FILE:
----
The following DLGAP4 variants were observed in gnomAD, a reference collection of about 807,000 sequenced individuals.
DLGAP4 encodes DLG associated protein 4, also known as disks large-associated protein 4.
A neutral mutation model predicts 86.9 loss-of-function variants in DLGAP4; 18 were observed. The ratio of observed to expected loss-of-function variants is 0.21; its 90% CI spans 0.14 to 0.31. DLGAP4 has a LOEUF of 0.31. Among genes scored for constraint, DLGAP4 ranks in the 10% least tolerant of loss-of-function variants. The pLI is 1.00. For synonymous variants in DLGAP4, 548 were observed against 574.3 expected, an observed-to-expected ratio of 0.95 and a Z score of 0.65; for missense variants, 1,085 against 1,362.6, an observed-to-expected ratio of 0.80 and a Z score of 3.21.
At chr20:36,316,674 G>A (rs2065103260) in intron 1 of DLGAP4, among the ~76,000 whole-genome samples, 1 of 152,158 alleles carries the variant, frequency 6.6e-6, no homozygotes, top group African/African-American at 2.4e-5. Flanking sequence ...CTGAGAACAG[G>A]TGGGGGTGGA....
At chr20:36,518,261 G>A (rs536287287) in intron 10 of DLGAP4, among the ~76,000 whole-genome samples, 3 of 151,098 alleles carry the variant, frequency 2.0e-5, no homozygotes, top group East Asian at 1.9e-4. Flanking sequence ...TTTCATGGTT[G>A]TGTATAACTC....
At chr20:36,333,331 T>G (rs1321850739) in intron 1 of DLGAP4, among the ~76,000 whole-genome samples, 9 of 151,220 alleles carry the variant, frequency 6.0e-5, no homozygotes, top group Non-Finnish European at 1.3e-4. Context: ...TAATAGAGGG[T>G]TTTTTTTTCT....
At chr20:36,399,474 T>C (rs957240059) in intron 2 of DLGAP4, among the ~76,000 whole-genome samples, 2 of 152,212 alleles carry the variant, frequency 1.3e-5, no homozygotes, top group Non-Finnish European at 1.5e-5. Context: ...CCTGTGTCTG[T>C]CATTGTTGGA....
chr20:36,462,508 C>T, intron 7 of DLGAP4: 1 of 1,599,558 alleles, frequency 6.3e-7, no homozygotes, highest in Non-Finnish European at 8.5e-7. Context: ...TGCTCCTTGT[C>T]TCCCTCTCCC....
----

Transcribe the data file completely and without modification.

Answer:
The following DLGAP4 variants were observed in gnomAD, a reference collection of about 807,000 sequenced individuals.
DLGAP4 encodes DLG associated protein 4, also known as disks large-associated protein 4.
A neutral mutation model predicts 86.9 loss-of-function variants in DLGAP4; 18 were observed. The ratio of observed to expected loss-of-function variants is 0.21; its 90% CI spans 0.14 to 0.31. DLGAP4 has a LOEUF of 0.31. Among genes scored for constraint, DLGAP4 ranks in the 10% least tolerant of loss-of-function variants. The pLI is 1.00. For synonymous variants in DLGAP4, 548 were observed against 574.3 expected, an observed-to-expected ratio of 0.95 and a Z score of 0.65; for missense variants, 1,085 against 1,362.6, an observed-to-expected ratio of 0.80 and a Z score of 3.21.
At chr20:36,316,674 G>A (rs2065103260) in intron 1 of DLGAP4, among the ~76,000 whole-genome samples, 1 of 152,158 alleles carries the variant, frequency 6.6e-6, no homozygotes, top group African/African-American at 2.4e-5. Flanking sequence ...CTGAGAACAG[G>A]TGGGGGTGGA....
At chr20:36,518,261 G>A (rs536287287) in intron 10 of DLGAP4, among the ~76,000 whole-genome samples, 3 of 151,098 alleles carry the variant, frequency 2.0e-5, no homozygotes, top group East Asian at 1.9e-4. Flanking sequence ...TTTCATGGTT[G>A]TGTATAACTC....
At chr20:36,333,331 T>G (rs1321850739) in intron 1 of DLGAP4, among the ~76,000 whole-genome samples, 9 of 151,220 alleles carry the variant, frequency 6.0e-5, no homozygotes, top group Non-Finnish European at 1.3e-4. Context: ...TAATAGAGGG[T>G]TTTTTTTTCT....
At chr20:36,399,474 T>C (rs957240059) in intron 2 of DLGAP4, among the ~76,000 whole-genome samples, 2 of 152,212 alleles carry the variant, frequency 1.3e-5, no homozygotes, top group Non-Finnish European at 1.5e-5. Context: ...CCTGTGTCTG[T>C]CATTGTTGGA....
chr20:36,462,508 C>T, intron 7 of DLGAP4: 1 of 1,599,558 alleles, frequency 6.3e-7, no homozygotes, highest in Non-Finnish European at 8.5e-7. Context: ...TGCTCCTTGT[C>T]TCCCTCTCCC....